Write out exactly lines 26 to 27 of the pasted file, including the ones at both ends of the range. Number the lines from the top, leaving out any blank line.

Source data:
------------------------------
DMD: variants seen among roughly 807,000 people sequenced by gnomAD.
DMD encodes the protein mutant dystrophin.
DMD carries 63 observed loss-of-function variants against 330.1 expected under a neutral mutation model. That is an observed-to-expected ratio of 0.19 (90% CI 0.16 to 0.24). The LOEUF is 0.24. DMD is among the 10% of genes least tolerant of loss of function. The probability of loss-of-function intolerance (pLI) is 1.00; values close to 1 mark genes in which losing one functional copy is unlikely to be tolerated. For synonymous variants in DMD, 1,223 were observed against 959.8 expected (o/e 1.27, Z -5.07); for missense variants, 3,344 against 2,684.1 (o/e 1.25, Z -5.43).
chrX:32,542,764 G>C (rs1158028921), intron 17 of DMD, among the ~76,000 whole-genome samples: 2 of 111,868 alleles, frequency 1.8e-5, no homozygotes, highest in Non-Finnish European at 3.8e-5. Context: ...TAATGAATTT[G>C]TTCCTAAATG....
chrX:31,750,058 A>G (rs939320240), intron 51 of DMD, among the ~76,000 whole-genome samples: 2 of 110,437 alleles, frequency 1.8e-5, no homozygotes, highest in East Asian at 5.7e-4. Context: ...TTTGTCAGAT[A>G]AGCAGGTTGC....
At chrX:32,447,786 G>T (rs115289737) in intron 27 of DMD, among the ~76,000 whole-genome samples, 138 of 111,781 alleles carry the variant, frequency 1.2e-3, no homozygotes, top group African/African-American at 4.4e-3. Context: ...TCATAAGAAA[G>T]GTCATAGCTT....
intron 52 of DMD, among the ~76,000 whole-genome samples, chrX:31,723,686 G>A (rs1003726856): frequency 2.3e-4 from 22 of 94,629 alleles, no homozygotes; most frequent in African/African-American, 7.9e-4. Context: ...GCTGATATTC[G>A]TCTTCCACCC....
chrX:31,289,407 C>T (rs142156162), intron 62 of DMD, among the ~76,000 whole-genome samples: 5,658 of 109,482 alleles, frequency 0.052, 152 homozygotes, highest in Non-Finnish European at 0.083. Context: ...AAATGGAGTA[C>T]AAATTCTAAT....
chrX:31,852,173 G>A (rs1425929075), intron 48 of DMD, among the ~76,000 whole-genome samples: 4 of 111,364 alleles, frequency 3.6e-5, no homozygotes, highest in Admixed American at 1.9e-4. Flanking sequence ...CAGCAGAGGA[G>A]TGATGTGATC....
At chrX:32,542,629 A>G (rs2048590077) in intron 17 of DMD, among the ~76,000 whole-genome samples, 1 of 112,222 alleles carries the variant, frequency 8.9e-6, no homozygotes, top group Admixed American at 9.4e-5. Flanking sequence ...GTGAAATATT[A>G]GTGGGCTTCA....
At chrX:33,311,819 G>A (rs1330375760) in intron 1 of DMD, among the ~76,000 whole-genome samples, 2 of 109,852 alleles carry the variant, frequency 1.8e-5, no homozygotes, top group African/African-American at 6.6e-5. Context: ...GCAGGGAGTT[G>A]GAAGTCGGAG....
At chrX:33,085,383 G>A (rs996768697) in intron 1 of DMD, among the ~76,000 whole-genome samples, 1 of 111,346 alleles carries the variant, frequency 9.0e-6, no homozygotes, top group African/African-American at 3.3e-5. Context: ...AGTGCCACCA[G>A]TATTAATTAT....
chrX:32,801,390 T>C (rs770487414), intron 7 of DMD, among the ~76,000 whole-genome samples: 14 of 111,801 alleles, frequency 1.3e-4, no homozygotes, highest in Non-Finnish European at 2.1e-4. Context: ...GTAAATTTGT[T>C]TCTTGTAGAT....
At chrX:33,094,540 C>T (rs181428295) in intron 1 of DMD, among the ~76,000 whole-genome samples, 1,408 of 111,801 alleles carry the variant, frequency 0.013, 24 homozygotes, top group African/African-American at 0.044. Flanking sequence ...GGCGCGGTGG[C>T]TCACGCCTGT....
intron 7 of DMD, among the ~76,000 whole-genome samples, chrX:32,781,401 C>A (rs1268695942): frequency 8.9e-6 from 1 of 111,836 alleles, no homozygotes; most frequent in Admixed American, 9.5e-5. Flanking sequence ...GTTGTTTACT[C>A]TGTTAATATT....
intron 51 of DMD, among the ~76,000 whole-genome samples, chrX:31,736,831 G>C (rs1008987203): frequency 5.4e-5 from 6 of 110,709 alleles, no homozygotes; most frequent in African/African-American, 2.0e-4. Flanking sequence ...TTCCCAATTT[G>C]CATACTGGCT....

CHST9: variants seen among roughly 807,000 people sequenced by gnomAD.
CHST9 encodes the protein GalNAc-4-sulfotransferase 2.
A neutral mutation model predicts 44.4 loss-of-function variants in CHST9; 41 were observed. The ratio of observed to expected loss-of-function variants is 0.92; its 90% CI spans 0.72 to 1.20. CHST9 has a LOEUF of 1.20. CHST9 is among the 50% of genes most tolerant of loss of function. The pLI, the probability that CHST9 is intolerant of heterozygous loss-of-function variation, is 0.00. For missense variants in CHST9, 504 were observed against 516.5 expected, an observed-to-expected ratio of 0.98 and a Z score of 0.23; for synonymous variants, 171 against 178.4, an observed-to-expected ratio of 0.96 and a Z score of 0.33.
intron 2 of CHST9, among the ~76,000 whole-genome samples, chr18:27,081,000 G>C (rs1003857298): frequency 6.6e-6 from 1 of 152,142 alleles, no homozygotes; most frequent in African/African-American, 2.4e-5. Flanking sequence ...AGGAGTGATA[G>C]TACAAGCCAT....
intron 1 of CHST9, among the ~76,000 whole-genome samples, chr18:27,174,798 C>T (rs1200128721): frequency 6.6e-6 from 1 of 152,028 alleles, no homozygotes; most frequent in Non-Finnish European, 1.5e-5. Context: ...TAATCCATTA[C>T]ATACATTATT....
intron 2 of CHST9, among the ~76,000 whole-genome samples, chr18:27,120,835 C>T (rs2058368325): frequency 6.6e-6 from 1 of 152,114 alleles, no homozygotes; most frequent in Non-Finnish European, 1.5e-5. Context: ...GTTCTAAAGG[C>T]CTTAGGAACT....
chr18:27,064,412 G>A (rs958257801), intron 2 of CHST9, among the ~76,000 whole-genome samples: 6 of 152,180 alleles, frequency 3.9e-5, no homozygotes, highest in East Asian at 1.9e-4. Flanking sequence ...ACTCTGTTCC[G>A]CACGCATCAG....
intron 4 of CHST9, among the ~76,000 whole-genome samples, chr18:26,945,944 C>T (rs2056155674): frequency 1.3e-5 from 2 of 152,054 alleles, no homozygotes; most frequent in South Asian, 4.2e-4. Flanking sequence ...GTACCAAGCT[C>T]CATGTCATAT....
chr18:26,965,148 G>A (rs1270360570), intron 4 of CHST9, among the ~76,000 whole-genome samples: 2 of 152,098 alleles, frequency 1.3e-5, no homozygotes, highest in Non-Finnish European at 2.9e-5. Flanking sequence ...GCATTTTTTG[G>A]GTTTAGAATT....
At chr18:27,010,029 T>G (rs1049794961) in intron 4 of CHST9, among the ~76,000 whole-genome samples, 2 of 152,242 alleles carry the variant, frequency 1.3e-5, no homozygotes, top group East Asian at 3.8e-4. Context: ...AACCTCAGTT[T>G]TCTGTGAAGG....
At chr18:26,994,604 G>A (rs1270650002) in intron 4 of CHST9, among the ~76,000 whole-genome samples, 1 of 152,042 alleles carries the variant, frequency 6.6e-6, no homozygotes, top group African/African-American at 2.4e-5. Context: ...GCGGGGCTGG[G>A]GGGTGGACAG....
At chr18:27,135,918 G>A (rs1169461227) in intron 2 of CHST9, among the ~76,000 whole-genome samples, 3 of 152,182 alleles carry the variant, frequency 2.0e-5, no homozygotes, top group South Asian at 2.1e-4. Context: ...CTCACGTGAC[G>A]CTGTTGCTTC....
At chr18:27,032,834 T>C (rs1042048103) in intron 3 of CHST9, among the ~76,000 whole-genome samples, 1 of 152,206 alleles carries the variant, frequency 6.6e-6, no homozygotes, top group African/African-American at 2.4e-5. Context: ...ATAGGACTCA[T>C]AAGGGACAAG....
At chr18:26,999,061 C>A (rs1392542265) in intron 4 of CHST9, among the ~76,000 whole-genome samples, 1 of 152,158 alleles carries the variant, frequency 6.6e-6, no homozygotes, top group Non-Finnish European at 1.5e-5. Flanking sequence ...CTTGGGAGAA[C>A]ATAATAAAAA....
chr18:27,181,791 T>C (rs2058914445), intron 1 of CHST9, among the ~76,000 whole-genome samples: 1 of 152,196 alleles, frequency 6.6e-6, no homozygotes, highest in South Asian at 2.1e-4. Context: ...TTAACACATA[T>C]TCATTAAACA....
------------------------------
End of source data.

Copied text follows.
At chr18:27,010,029 T>G (rs1049794961) in intron 4 of CHST9, among the ~76,000 whole-genome samples, 2 of 152,242 alleles carry the variant, frequency 1.3e-5, no homozygotes, top group East Asian at 3.8e-4. Context: ...AACCTCAGTT[T>G]TCTGTGAAGG....
At chr18:26,994,604 G>A (rs1270650002) in intron 4 of CHST9, among the ~76,000 whole-genome samples, 1 of 152,042 alleles carries the variant, frequency 6.6e-6, no homozygotes, top group African/African-American at 2.4e-5. Context: ...GCGGGGCTGG[G>A]GGGTGGACAG....